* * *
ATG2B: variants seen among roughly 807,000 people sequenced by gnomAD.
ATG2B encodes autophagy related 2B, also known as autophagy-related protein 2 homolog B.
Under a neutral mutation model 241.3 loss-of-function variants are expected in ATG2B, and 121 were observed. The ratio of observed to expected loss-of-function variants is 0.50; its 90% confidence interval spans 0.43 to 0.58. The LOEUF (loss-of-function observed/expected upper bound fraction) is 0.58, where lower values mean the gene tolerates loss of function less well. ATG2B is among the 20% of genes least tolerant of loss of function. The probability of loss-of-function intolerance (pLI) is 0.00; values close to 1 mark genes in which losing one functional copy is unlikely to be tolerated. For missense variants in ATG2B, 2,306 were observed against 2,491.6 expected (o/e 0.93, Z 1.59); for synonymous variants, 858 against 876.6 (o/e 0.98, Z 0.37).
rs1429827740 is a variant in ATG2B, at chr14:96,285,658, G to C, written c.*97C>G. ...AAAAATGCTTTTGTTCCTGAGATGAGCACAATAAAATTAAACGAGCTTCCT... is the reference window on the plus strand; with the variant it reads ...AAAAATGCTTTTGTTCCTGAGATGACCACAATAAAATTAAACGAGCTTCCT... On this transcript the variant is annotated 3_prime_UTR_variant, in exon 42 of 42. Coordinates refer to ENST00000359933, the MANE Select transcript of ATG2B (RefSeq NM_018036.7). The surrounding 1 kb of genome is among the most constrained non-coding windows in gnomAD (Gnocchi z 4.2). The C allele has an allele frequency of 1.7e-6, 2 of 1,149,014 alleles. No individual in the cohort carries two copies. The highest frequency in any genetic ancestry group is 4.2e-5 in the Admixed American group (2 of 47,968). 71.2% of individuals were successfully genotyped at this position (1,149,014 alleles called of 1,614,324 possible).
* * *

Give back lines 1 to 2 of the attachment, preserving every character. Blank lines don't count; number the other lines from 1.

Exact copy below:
ATG2B: variants seen among roughly 807,000 people sequenced by gnomAD.
ATG2B encodes autophagy related 2B, also known as autophagy-related protein 2 homolog B.